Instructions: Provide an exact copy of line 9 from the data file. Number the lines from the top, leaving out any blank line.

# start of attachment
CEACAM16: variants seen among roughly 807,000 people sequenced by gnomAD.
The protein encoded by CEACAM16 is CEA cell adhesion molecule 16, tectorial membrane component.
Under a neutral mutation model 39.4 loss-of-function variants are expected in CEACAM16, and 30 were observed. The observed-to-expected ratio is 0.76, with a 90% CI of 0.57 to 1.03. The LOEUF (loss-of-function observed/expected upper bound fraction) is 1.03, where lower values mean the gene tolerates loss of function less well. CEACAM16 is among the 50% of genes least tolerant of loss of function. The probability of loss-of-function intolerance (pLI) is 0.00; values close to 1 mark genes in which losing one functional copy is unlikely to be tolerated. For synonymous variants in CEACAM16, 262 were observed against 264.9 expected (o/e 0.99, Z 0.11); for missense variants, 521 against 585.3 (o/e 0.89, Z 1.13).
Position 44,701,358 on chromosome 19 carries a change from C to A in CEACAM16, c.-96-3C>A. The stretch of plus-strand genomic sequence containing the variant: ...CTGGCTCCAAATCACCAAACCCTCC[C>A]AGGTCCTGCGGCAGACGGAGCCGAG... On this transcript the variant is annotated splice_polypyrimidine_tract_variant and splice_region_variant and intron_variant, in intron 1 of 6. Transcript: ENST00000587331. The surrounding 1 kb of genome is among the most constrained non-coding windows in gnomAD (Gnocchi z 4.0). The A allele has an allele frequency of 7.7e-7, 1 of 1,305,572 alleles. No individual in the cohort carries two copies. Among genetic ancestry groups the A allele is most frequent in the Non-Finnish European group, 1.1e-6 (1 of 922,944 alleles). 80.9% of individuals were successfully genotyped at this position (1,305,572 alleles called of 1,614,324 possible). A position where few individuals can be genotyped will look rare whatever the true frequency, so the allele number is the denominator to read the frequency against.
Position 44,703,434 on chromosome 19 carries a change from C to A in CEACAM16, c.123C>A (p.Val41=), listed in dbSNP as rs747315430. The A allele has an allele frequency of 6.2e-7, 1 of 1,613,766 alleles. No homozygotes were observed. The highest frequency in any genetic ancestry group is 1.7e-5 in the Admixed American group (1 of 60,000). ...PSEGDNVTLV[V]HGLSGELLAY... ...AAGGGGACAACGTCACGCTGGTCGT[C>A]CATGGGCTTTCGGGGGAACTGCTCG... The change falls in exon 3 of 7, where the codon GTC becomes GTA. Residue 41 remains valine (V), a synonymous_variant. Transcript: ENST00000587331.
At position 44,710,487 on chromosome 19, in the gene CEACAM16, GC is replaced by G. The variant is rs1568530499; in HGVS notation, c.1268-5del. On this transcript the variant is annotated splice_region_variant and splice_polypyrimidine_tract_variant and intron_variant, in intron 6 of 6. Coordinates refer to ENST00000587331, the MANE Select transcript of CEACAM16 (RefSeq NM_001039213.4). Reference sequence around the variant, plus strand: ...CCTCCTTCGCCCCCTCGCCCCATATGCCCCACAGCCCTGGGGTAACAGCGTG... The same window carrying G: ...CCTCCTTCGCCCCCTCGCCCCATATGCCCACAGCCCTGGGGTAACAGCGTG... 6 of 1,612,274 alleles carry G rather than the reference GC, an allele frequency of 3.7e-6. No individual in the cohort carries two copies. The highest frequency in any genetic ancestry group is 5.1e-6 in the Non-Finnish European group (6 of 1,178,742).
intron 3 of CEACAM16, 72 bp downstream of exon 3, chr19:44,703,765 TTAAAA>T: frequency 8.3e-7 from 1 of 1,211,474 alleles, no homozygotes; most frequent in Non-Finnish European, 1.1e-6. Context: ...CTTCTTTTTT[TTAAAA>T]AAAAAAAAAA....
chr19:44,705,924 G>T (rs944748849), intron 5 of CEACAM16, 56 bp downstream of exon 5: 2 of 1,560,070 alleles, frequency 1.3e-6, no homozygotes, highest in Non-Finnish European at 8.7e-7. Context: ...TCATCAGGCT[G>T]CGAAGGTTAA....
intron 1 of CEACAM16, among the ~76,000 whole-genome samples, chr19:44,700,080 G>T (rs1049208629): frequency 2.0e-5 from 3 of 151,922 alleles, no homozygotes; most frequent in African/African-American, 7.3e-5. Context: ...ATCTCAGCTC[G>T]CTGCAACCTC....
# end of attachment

intron 1 of CEACAM16, among the ~76,000 whole-genome samples, chr19:44,700,080 G>T (rs1049208629): frequency 2.0e-5 from 3 of 151,922 alleles, no homozygotes; most frequent in African/African-American, 7.3e-5. Context: ...ATCTCAGCTC[G>T]CTGCAACCTC....